Snakes are cold-blooded. They become cold if the temperature gets cold. Since snakes cannot maintain their own body temperature, they move to warmer climates to stay warm. More »

Birds and mammals are warm-blooded animals because they can keep their body temperatures constant regardless of the surrounding temperatures. Birds and mammals can regulate their temperatures through different methods. More »

Because dinosaurs are classified as reptiles, one might assume that they are cold blooded, but some scientists suggest that dinosaurs may have been somewhere between cold and warm blooded. Though most animals fall into e... More »

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There are almost 3,000 known species of snakes, and they live in almost every area of the planet except the coldest regions and Ireland and New Zealand. These reptiles also inhabit a wide variety of habitats, from oceans... More »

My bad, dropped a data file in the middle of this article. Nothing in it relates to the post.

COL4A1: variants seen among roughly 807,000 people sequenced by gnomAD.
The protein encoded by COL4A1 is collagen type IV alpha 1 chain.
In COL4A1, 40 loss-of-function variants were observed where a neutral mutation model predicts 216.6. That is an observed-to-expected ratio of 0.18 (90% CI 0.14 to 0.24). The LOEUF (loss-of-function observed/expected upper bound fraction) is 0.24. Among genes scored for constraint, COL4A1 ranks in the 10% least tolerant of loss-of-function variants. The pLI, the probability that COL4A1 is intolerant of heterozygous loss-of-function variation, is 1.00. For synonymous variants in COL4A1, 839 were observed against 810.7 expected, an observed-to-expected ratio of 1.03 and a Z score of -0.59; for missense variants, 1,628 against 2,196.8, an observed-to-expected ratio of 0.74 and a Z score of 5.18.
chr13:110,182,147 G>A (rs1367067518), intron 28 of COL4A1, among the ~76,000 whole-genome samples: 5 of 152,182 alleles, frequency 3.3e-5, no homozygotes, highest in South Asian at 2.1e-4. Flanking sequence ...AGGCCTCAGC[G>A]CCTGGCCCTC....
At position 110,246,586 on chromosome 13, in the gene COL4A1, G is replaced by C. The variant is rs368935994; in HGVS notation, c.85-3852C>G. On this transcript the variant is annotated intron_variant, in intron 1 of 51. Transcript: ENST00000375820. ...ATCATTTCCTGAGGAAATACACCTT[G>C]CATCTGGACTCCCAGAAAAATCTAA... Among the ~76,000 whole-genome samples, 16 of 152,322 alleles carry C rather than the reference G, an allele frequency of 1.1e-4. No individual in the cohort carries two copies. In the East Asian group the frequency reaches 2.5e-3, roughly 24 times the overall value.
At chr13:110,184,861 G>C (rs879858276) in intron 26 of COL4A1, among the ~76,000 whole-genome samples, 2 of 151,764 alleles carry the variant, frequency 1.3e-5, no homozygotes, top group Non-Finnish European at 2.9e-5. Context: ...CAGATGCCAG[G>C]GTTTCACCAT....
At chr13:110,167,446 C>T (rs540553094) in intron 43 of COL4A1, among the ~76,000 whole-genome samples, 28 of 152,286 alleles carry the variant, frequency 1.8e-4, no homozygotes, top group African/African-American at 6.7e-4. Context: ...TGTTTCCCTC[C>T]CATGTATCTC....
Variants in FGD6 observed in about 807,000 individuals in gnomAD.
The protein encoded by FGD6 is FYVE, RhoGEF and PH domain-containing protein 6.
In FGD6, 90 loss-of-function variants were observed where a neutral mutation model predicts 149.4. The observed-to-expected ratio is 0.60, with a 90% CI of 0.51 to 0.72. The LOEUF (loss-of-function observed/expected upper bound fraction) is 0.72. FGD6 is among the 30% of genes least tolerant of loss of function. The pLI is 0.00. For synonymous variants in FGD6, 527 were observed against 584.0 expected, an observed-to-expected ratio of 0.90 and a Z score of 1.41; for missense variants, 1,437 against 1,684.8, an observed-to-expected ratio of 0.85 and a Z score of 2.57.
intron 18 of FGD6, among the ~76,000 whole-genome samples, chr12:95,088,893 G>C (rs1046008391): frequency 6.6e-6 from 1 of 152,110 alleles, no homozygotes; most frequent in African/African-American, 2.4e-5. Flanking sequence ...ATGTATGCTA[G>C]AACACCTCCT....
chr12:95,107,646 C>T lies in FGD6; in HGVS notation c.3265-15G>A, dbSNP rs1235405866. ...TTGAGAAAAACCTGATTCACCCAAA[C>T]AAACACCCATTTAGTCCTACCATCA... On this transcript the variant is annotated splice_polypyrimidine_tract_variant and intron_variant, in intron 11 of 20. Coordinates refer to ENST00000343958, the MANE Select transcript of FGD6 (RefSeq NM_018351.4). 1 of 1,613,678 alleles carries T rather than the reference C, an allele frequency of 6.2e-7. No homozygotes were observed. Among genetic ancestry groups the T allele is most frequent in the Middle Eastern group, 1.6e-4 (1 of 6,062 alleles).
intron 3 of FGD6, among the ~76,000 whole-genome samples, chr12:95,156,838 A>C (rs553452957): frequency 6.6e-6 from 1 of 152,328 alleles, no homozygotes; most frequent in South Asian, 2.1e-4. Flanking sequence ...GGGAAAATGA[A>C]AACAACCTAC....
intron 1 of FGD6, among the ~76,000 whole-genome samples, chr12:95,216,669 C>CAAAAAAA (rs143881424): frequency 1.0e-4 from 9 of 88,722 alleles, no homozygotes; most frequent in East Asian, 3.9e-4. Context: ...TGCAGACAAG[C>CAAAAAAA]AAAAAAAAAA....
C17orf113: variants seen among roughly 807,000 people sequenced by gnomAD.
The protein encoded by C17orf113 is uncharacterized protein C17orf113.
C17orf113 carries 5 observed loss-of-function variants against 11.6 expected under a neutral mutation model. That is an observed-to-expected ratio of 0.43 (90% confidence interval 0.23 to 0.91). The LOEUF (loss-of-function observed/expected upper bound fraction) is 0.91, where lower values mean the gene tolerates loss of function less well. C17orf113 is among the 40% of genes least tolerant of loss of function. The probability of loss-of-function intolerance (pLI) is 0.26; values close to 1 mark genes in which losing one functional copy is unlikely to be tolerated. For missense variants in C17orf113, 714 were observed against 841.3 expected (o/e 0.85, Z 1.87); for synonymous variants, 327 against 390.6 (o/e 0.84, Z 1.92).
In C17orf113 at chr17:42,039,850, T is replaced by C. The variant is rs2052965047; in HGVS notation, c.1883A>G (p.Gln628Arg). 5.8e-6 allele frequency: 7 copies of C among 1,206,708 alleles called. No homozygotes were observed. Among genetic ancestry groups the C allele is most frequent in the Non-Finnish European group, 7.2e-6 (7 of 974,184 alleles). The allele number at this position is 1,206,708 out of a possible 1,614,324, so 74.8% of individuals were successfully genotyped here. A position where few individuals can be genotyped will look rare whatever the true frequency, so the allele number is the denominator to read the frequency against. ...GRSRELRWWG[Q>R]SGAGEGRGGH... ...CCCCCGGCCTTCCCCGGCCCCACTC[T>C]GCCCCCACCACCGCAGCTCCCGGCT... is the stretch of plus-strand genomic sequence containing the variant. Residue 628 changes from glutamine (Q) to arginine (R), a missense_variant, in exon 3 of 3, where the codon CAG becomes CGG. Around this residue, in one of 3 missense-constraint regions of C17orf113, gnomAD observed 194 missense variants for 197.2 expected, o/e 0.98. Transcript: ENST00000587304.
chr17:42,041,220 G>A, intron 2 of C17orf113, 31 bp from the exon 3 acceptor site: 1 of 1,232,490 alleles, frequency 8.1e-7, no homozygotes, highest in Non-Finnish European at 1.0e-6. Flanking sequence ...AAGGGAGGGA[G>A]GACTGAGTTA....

All species of snakes are carnivores, or meat eaters. Most snakes eat rats and birds, but some of the larger species can eat deer and other larger animals. Small snakes eat invertebrates, such as insects. More »

Water moccasin snakes, commonly referred to as cottonmouths, are found throughout the Southeastern United States. They are primarily found from Virginia, down to Florida and across to eastern Texas. More »

Corn snakes can reach lengths of 4 to 5.5 feet. Newly hatched corn snakes are just 8 to 12 inches in length. Babies can easily live in small snake habitats no bigger than shoe boxes, while adults need large aquariums; Re... More »

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